Putin’s allies suffer big losses in Moscow election

By BBC On Mon, 9 Sep, 2019 16:13 | 2 mins read
Putin
Allies of Russian president Vladimir Putin suffered big losses in the Moscow vote. PHOTO | ALEXEY NIKOLSKY | AFP
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    In a major upset, the party's leader in the Russian capital, Andrei Metelsky, was not re-elected.

    With nearly all the results in, United Russia is predicted to get 26 seats in the city parliament (Mosgorduma).

    The party's brand has become so toxic lately that all its members ran as independents, the BBC's Sarah Rainsford in Moscow reports.

Russia’s ruling United Russia party has suffered major losses in Sunday’s election to the Moscow city parliament, nearly complete results show.

The party lost nearly a third of the seats in the 45-member parliament, but remains on course to retain its majority with about 26 seats.

With most opposition candidates disqualified, the Communists, independents and others gained seats.

The exclusion of the opposition candidates triggered mass protests.

Thousands of people have been detained, and riot police have been accused of a brutal crackdown on demonstrators.

What’s the latest from Moscow?

With nearly all the results in, United Russia is predicted to get 26 seats in the city parliament (Mosgorduma).

The party’s brand has become so toxic lately that all its members ran as independents, the BBC‘s Sarah Rainsford in Moscow reports.

In a major upset, the party’s leader in the Russian capital, Andrei Metelsky, was not re-elected.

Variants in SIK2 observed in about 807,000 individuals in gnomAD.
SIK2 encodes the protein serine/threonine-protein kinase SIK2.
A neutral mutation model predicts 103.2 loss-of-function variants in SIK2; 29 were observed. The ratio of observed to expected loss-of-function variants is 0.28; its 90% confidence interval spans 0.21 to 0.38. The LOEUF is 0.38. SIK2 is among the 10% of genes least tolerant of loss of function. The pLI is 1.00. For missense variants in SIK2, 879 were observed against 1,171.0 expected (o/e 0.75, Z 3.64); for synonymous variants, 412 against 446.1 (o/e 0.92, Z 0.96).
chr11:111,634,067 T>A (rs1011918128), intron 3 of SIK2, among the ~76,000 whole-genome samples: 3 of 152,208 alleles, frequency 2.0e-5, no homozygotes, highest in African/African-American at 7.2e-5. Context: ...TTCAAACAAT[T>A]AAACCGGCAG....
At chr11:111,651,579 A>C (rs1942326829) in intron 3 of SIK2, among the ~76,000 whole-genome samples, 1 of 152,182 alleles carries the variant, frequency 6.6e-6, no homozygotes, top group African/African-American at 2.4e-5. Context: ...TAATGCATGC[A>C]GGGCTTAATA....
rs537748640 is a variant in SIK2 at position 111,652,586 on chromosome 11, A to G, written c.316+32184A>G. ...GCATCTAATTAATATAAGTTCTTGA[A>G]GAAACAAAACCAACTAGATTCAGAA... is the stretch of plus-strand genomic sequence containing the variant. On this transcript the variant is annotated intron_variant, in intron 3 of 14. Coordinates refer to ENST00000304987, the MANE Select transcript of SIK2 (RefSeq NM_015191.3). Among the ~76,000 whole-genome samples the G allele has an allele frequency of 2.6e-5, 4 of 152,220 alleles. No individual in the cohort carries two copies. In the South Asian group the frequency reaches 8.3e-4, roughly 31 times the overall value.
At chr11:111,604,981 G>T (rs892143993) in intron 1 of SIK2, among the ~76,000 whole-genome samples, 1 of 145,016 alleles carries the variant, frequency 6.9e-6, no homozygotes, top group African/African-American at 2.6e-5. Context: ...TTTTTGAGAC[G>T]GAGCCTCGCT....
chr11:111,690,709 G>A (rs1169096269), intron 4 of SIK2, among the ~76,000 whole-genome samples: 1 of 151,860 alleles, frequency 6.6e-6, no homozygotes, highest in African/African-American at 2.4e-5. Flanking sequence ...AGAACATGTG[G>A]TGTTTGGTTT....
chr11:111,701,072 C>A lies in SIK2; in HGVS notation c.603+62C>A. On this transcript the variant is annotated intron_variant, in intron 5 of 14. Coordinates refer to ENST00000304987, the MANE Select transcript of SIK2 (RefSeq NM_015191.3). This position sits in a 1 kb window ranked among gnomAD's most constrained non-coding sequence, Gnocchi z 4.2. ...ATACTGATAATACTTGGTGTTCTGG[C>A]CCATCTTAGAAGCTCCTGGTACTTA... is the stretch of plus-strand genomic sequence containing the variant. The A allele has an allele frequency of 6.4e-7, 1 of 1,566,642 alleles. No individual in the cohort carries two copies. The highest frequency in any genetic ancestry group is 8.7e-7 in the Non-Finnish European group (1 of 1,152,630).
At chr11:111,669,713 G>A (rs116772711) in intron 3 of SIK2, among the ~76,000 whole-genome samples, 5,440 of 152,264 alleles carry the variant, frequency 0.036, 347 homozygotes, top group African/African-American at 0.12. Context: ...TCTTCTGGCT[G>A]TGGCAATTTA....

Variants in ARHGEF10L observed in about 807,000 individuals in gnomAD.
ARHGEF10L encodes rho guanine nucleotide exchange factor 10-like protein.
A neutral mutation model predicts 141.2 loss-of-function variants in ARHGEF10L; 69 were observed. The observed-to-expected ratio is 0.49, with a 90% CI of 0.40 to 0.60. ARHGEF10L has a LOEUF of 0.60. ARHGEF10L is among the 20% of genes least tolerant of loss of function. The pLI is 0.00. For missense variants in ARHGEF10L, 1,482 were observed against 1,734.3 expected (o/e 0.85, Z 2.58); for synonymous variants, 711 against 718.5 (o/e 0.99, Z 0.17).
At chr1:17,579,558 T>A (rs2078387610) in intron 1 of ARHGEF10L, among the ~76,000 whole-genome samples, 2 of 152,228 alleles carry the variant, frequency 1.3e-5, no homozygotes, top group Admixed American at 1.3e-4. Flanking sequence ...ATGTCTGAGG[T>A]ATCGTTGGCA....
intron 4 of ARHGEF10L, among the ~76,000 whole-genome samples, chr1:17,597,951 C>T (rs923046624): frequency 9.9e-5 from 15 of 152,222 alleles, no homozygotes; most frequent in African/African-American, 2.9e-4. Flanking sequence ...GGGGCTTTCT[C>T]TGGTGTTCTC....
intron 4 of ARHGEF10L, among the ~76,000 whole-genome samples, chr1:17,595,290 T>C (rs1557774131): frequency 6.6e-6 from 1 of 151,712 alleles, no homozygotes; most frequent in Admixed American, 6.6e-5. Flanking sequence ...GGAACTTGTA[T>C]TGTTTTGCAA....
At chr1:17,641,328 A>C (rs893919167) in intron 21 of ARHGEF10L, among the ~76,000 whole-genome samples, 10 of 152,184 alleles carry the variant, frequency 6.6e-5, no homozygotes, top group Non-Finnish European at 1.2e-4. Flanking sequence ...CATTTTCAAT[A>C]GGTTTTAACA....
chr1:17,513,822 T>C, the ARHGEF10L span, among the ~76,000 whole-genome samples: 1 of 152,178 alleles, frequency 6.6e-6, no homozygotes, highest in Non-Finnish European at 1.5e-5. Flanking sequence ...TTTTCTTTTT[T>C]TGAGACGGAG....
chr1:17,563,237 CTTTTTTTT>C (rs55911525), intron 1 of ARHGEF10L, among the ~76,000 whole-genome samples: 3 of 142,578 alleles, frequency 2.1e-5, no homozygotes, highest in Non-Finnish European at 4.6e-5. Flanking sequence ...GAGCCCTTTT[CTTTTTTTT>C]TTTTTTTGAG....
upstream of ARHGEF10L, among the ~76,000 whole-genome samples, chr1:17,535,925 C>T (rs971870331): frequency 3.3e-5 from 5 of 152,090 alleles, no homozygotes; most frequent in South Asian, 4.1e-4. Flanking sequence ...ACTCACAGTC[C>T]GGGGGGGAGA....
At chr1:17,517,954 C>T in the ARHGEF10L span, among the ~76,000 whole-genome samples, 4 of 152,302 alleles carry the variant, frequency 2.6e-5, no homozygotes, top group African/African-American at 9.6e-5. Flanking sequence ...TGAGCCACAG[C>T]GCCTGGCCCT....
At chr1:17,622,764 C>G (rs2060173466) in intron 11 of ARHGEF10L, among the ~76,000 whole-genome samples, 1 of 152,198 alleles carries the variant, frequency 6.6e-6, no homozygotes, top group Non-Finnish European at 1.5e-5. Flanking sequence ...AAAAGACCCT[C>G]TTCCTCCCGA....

The Communist Party is expected to get 13 seats, while the liberal Yabloko party and left-leaning Just Russia will each have three seats.

Opposition leader Alexei Navalny promoted a strategy of “smart voting” after his own allies were all barred from running in this election.

Mr Navalny’s team exposed what they called “undercover” United Russia candidates, and campaigned for those best placed to defeat them. He described the result as “fantastic”.

State media are mostly presenting the results in Moscow as a win for the governing party in any case, our correspondent says.

But the Kremlin will certainly be studying the real picture, and what it says about the public mood in the Russian capital, she adds.

Turnout in Sunday’s election was about 22 percent.

What about the rest of Russia?

Unlike Moscow, Kremlin-backed candidates dominated in other local and regional elections held across the country on 8 September.

They look set to win in all 16 regions that were electing their governors.